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Greeks riot like crazy following yesterday's tragic suicide


Demonstrators clash with riot police in Athens on April 4, 2012. An elderly man shot himself in the head on Wednesday in Athens' central Syntagma Square, a focal point of anti-austerity protests, reportedly crying out that he did not want to leave his children in debt. Police said the 77-year-old, whose identity was not revealed, killed himself outside the Syntagma metro station, around 100 metres (yards) from parliament, which for two years has been the main rallying point for demonstrations against government austerity measures.


Aris Messinis

Following yesterday's tragic suicide in the middle of Athens, Syntagma Square saw both protests and violence.

The BBC reports hundreds of protesters gathered in the square just hours after the suicide of Dimitris Christoulas, with petrol bombs thrown at police and tear gas fired in return.

Athens News reports that the demonstrators had organized themselves with social media, appearing under a banner that read "Let's not get used to death."

At the site of Christoulas' suicide sit many tributes, with flowers and one note reading "enough is enough."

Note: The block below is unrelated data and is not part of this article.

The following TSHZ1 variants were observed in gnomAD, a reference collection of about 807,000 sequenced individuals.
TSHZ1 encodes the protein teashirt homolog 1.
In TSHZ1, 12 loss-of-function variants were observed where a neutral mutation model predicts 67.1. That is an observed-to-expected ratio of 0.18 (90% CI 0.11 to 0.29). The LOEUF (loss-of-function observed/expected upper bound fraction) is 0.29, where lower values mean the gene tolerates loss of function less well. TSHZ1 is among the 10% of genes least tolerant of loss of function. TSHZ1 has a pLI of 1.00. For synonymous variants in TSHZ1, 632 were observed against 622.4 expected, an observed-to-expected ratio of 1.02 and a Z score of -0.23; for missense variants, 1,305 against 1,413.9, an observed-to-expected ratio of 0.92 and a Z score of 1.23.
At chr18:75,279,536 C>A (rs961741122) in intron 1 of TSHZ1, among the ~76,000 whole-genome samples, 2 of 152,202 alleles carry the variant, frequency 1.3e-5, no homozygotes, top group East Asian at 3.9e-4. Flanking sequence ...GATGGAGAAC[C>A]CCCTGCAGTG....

The head of the Attica Pharmacists' Association Kostas Lourantos (of which Christoulas was formerly a member) released a statement that read:

"The way he chose is a statement of a political position and stance. If this man had killed himself at home there would not have been such a stir, as there had not been for the previous 1900 suicides. It is an incident that we must look at among many other incidents of suicide in our country, the country of sun and laughter."

Reports last year suggest that the Greek suicide rate rose at least 17 percent during the financial crisis.

WATCH BBC Footage of the scene:

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